Ayesh Karunaratne: Full-time traveler, freelance software architect and security researcher
Thu, 2014-05-15 21:23
If you are reading this post, chances are that you either stumbled upon this, or you are really an enthusiast in tech start-ups and live in Sri Lanka.
If it's the latter, I sincerely do hope you have had at least a little experience in a start-up company. Being a freelance developer, I could take part in several tech start-ups. Besides, I have taken part in some of the Hackathons in Sri Lanka, and have also witnessed many other overly used "companies" rise and fall.
I think speaking out some of my thoughts would help enthusiasts who haven't started up anything just yet, but they dream to be the next Zuck, Steve Jobs, Gates or any famous entrepreneur
1. Be an enthusiast first
1. Note in my above introductory part, I emphasized enthusiast and entrepreneur words. It's unlikely that people will find your start-up interesting enough if you are not really interested in it. If you don't love music industry, don't start the next big music streaming service. Whatever you do, grow an enthusiasm around it first. That keeps you entertained and happy no matter how you end up.
In a Hackathon in 2012, the first thing I realized was that there were many pitched ideas which I pretty sure that the entrepreneur wasn't really an enthusiast first. I don't want to mention the initiatives by names, but most of them were impractical and nobody had the interest in the subject itself. They just wanted to develop something that are dead simple and had a clear way to earn out of it.
2. Don't focus on earning first
Don't focus how you earn from or how much you can earn. You definitely need have a sensible budget, include tiny costs and be prepared to jaw-dropping charges as well. Unfortunate case is that you can't cover all those costs in your first month or worse yet, the first year either. Be creative about how you plan to earn and how you can defeat the rivals. Remember that you are not going to start somewhere middle in the track. Advertising and monthly subscriptions are used everywhere. You need to be creative about that as well.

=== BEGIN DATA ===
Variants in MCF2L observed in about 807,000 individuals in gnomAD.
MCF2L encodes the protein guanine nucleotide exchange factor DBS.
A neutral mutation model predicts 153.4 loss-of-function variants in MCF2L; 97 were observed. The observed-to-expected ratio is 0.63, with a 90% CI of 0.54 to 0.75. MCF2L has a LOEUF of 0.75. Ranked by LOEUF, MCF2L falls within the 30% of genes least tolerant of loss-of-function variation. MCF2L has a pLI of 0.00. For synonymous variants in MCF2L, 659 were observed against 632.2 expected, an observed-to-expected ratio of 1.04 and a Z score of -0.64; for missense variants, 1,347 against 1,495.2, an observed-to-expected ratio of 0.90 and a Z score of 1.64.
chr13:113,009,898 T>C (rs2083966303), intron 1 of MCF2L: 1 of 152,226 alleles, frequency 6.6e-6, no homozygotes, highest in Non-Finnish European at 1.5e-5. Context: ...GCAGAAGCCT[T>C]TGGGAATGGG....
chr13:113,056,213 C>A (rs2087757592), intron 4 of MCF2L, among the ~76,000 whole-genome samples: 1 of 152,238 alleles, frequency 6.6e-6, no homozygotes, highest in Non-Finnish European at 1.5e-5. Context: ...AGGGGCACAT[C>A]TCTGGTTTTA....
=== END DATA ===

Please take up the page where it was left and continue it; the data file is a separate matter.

Develop something awesome first. People only pay for what they get; not what you put in.
3. Don't reinvent the Sinhalese or Sri Lankan version of the wheel
If you have developed something already, look what you have done already and compare it with competitors. I wouldn't call you an entrepreneur if you created a simpler version of a popular web service, a web site with everything, in the our mother language.
I can prepare a giant list of Sri Lankan start-ups that are simply fall into one of these categories:
- A social network just for Sri Lankans
- A search engine just for Sri Lankans
- A blog syndicating engine for local language blogs
A hotel booking service, but with only < 100 listings
- Travel planning, but only for Sri Lankan locations
I think there is no need to explain who are the major players in these fields. Narrowing down the features with a "Sri Lanka only" filter does not make you are an entrepreneur. You need to pitch a really innovative idea first. You can easily fund it in both financial and human effort. But you can't fight with a million (if not billion) worth companies with your relatively less budget and nearly a dozen team.
Think big. I know I wouldn't spend one cent just because the people behind the start-up are from Sri Lanka.
4. We have already covered TV/Radio stations, "Hot actress photos", Gossips, and community type web sites
In a age that even a 5 year old kid manage a blog nowadays and can embed a video from YouTube, don't think your move will be anymore better. I wouldn't even call those a "tech" start-up though. Flashy GIF images and Flash radio player playing "Baila" songs all 24 hours? I'd close the tab in a jiffy.
5. Connect with the world
Be open to the world. Don't wait until someone explains something in our mother language. Learn other (human) languages and keep an eye on what's going on rest of the world. TechChunch disrupt is a great place to start. Don't just copy their ideas. Get an idea how broad their pitched ideas were. It's not necessary to solve a problem.
6. Make yourself a name
Start your own blog, publish some of your work in GitHub, be active in StackExchange and do such stuff develop your name. You will be surprised how others are keen to give you media coverage on your next big event. Learn how to meet other people and get to know them better. Try to make other idolize you. On your next startup, they will believe in you and do their best because you are involved - someone they have heard to be a reputed person in the field.
Wish you all the best!